Research at the Li-Fi Centre, University of Edinburgh

Consumer market research published worldwide indicates that future networks will be faster but capacity problems could still remain [1]. It further reveals that ‘topology’ – the make-up of transmitters providing the network signal – will be increasingly important for meeting demand in densely-populated areas. We can find a solution to this problem if we look at the results published on human behaviour trends [2].

On average people spend more than 90% of their time indoors. An epidemiology survey conducted in USA and Canada shows that people on average spend about 10% of their time outdoors in summer-time and only 2-4% in winter-time. When indoors, people often if not always spend their time in the vicinity of light sources. Here at the Li-Fi Research and Development Centre, we have developed the technology to transfer lighting sources into energy efficient data transmission points so that the number of transmission points can be increased enormously. The lighting sources could provide both illumination and communication. It appears that evolutionally it is the most viable way to increase the number of transmitters in the network. One such technology which turns this vision into a reality is Li-Fi (Light-Fidelity) [3].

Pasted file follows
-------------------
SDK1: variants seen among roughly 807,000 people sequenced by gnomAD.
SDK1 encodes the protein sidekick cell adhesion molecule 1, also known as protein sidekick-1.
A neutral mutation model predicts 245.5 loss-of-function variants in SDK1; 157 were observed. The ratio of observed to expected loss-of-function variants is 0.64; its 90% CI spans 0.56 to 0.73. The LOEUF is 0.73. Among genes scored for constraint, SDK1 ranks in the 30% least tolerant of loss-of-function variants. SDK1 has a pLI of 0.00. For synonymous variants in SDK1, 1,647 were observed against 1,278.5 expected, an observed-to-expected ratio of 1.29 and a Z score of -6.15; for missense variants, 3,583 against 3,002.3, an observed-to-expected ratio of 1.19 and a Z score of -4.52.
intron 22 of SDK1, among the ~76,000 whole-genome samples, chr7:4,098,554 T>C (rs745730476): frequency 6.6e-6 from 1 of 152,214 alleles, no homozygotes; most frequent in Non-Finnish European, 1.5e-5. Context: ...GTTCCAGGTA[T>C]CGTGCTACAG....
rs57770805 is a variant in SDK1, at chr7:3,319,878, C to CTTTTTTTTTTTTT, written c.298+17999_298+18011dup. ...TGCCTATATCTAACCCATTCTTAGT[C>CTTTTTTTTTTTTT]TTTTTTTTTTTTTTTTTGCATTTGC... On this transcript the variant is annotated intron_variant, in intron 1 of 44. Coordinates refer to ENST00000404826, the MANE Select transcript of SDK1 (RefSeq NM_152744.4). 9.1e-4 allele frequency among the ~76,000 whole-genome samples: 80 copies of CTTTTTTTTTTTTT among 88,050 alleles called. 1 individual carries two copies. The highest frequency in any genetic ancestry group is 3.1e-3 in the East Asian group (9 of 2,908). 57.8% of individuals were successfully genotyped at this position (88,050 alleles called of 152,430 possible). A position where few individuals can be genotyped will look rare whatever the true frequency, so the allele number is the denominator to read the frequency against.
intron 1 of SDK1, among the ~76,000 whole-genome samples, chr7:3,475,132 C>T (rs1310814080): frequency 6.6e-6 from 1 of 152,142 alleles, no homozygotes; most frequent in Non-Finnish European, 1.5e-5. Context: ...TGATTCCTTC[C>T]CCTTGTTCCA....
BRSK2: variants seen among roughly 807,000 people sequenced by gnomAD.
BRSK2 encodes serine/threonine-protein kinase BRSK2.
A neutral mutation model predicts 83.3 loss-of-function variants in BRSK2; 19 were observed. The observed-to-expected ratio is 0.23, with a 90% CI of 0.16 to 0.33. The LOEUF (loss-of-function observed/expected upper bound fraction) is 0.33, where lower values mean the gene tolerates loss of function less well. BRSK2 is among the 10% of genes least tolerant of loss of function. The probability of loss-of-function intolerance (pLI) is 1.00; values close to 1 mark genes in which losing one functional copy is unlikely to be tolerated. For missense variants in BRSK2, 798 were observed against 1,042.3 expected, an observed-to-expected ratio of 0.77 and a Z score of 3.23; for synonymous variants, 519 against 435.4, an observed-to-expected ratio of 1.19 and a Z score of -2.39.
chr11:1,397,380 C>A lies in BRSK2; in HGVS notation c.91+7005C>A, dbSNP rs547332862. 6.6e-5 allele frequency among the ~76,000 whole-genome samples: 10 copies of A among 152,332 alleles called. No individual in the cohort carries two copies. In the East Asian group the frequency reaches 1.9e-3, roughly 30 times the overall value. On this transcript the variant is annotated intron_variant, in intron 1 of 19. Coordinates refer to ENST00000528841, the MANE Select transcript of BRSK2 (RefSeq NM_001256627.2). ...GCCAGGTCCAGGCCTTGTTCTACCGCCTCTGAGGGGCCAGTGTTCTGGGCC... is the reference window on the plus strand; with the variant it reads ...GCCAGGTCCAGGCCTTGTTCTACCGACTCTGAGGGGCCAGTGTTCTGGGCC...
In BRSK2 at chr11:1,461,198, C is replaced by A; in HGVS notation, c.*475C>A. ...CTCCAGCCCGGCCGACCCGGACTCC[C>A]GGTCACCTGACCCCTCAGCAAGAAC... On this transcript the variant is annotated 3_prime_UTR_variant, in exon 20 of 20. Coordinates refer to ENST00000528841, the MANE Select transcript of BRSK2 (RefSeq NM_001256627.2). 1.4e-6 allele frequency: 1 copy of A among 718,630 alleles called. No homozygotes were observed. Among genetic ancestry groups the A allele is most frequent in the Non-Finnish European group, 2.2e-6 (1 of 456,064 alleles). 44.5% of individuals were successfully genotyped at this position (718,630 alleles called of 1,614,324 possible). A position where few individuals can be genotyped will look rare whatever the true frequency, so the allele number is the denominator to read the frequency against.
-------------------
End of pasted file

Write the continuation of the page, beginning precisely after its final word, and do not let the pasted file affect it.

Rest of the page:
Li-Fi is a bi-directional, high speed, mobile networking solution using LED light bulbs. Future light bulbs will detect if there are users in its vicinity, and will seamlessly take over the communication from cellular Wi-Fi to Li-Fi. If users move away from its vicinity vice versa will happen. When there are no users within its coverage the communication functionality of the light bulb can be switched off.

On the flipside however, due to the propagation characteristics of the light and the physical characteristics of the lighting sources often lighting over the space is not uniform, and susceptible to temporary blockages and shadowing. Contrary to popular beliefs, recent research shows that reliable communication can still exist. Currently, we are researching ways to design hybrid Wi-Fi and Li-Fi systems to overcome such temporary outages.

Dushyantha Basnayaka

Li-Fi Research Associate

  1. OFCOM, “4G Capacity Gains”, Jan. 2011.
  2. P. Hoppe, “Different aspects of assessing indoor and outdoor thermal comfort,” Elsevier, pp. 661-665, 2002.
  3. H. Haas, “High-speed wireless networking using visible light” SPIE Newsroom 2013.